Washington State politician George Fleming was born February 22, 1937, in Dallas, Texas, to parents A.R. and Lilla N. Fleming. He started post secondary education at the University of Washington, Seattle. While attending the University, Fleming was running back and kicker for the Washington Huskies who was part of the 1960-61 team that won the Rose Bowl in Pasadena, California. In fact, Fleming scored the first points with a 44-yard field goal which was at that time the longest in Rose Bowl History.
In 1961, Fleming was the highest-drafted player into the National Football League from the Huskies. He went to the Oakland (California) Raiders as a second-round draft pick with an initial salary of $15,000 and a $3,500 signing bonus. In the 1961 season Fleming kicked a 54-yard field goal, a team record until 2003. He sat out the 1962 season, because of a salary dispute with the Raiders and the following year went to the Canadian Football League (CFL) where he played with the Winnipeg (Manitoba) Bombers. Fleming led the CFL in scoring as a rookie with 135 points and set a league record with a 55-yard field goal. Fleming retired from professional football in 1966.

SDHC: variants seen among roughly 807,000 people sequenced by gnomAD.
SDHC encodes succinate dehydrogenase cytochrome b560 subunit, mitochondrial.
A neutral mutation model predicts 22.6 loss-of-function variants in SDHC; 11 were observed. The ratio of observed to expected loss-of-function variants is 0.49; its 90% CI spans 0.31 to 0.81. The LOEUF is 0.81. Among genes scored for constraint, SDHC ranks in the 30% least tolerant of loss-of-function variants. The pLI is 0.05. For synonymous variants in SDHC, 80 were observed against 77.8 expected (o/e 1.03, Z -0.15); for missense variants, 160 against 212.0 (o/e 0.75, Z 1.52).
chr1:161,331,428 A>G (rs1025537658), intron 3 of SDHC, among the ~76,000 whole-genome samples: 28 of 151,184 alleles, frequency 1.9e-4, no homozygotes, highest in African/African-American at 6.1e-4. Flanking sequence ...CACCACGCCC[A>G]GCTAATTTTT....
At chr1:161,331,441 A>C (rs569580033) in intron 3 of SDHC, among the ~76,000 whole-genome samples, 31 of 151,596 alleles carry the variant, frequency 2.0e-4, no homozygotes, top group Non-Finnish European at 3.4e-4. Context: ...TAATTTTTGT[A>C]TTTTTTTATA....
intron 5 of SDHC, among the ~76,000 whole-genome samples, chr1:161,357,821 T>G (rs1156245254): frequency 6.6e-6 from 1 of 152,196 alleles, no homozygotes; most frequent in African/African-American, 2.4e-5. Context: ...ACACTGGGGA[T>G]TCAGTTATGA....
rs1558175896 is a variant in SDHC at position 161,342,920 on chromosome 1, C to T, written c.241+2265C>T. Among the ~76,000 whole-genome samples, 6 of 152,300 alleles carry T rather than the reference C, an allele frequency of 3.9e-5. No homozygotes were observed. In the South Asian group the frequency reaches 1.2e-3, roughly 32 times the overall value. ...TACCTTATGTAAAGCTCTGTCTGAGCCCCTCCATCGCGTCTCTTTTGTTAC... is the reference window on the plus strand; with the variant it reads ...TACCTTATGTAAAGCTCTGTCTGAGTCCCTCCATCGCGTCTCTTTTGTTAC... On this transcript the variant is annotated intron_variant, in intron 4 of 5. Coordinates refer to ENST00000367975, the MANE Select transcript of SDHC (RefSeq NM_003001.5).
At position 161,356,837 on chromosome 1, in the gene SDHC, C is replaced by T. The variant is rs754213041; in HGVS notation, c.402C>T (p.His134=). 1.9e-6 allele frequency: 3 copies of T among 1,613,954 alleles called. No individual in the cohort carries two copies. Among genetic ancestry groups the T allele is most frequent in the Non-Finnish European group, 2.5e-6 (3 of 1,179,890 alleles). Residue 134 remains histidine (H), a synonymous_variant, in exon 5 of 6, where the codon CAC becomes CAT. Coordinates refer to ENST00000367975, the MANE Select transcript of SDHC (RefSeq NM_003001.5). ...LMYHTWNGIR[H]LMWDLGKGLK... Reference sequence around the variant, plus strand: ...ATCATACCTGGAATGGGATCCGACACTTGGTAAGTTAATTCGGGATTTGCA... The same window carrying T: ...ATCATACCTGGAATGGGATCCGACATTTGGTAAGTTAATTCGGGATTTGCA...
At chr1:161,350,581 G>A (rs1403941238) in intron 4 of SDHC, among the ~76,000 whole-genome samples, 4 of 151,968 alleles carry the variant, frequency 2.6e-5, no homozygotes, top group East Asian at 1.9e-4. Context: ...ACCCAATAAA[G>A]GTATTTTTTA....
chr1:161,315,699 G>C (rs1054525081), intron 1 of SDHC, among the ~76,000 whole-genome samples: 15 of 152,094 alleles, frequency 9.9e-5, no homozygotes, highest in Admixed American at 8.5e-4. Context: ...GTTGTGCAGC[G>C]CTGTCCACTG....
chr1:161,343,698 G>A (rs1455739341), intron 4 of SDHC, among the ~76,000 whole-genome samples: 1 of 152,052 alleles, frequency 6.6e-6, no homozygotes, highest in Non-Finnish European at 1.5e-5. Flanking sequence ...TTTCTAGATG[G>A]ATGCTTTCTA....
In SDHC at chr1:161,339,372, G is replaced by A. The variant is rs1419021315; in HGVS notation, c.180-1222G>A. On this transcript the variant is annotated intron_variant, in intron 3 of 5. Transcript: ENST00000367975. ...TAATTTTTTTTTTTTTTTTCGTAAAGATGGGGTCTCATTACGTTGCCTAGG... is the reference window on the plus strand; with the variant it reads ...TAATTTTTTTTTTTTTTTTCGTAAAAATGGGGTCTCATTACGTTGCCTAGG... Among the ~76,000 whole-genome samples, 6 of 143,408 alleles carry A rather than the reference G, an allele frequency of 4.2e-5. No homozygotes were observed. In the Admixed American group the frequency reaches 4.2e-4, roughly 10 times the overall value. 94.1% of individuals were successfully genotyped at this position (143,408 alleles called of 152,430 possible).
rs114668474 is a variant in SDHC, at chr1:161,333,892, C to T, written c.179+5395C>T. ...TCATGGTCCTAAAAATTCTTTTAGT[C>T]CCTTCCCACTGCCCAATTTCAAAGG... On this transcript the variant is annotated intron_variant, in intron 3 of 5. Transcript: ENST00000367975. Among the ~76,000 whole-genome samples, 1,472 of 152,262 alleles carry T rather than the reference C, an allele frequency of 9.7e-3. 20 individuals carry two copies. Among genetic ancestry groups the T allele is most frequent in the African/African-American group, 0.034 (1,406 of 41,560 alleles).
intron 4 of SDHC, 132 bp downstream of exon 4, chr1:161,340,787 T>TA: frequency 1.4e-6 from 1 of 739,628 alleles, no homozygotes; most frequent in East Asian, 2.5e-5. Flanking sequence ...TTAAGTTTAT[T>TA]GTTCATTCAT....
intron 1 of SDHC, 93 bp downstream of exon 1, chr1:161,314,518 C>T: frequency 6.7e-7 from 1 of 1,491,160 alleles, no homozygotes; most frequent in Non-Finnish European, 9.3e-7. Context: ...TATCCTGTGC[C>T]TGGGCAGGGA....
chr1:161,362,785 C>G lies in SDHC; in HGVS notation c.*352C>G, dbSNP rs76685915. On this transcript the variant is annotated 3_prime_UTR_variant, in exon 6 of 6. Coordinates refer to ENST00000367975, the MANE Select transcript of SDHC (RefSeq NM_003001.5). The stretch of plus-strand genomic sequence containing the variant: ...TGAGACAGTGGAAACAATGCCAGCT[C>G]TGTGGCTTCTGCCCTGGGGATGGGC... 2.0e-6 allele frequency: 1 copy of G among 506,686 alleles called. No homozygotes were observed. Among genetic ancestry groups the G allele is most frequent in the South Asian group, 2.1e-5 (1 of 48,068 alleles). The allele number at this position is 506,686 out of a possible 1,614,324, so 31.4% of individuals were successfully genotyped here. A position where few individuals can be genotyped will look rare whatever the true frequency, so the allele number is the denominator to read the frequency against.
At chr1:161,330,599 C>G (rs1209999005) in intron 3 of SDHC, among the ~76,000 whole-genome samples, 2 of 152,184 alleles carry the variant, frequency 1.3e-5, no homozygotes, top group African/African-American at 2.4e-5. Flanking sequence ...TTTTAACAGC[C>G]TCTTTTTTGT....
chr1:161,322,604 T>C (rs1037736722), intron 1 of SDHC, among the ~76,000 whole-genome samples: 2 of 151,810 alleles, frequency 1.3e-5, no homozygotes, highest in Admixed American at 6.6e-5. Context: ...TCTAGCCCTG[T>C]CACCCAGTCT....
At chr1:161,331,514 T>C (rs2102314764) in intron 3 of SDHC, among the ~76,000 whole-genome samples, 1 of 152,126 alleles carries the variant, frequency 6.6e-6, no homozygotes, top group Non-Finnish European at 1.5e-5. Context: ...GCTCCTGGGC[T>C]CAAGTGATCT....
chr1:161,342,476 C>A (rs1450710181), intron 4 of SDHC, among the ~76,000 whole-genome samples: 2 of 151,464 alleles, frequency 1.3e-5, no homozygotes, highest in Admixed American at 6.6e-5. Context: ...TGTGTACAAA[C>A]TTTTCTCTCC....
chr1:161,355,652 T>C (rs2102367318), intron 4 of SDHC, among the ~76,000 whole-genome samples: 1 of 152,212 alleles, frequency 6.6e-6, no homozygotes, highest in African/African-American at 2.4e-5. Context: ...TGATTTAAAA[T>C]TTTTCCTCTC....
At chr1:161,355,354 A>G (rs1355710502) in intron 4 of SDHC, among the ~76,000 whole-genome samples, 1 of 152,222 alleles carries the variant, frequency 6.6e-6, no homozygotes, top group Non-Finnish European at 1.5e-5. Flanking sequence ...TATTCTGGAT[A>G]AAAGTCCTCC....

In 1968, George Fleming was elected to the Washington House of Representatives. Two years later in 1970 he was the first African American to be elected to the Washington State Senate. While in the Senate he served as Vice-Chair of the Democratic Caucus from 1973 to 1980 and as Caucus Chairman from 1980 to 1988. While in office, Fleming was an advocate for the underprivileged, a state Martin Luther King Day holiday, control of illicit drugs, improvements in the quality of education, small business and economic development, and civil rights. He also fought to improve the quality of nursing homes for senior citizens and was an advocate of low income housing and emergency meals and shelter for the homeless. George Fleming retired in 1990 after twenty two years of service in the state legislature.